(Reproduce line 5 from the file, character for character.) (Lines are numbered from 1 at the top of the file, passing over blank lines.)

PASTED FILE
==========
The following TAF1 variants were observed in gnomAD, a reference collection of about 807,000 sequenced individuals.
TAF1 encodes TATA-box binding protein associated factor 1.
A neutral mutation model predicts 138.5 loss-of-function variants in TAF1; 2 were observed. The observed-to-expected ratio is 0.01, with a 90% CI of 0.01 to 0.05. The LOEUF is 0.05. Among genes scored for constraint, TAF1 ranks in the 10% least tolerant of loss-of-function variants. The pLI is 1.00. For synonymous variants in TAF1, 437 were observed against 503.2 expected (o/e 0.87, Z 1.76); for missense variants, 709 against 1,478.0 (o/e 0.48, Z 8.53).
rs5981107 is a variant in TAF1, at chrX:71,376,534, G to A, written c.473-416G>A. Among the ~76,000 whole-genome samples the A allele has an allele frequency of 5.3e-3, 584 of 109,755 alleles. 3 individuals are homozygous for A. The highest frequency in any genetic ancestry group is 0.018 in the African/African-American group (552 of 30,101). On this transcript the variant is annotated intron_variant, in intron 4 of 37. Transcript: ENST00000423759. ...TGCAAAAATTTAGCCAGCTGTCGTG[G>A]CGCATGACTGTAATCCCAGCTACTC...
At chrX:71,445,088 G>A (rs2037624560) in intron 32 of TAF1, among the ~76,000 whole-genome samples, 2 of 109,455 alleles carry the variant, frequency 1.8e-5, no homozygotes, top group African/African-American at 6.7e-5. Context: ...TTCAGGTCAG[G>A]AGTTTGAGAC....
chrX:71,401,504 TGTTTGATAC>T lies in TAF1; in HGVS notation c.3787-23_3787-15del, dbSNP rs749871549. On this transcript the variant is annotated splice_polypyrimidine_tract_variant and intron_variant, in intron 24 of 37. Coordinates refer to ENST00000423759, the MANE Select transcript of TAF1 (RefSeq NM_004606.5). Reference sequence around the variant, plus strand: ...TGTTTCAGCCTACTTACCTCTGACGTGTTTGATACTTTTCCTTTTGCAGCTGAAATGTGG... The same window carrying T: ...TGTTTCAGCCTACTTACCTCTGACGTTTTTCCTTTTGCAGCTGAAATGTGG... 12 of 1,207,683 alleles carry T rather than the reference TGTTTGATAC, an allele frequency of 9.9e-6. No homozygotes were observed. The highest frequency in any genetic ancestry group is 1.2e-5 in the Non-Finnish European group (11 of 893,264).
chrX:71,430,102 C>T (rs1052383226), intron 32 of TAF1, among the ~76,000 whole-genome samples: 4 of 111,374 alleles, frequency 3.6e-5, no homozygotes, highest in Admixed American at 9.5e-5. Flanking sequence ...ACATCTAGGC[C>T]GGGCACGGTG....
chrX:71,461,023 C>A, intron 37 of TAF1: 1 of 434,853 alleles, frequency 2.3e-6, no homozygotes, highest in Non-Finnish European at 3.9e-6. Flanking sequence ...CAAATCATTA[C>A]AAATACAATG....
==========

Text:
At chrX:71,445,088 G>A (rs2037624560) in intron 32 of TAF1, among the ~76,000 whole-genome samples, 2 of 109,455 alleles carry the variant, frequency 1.8e-5, no homozygotes, top group African/African-American at 6.7e-5. Context: ...TTCAGGTCAG[G>A]AGTTTGAGAC....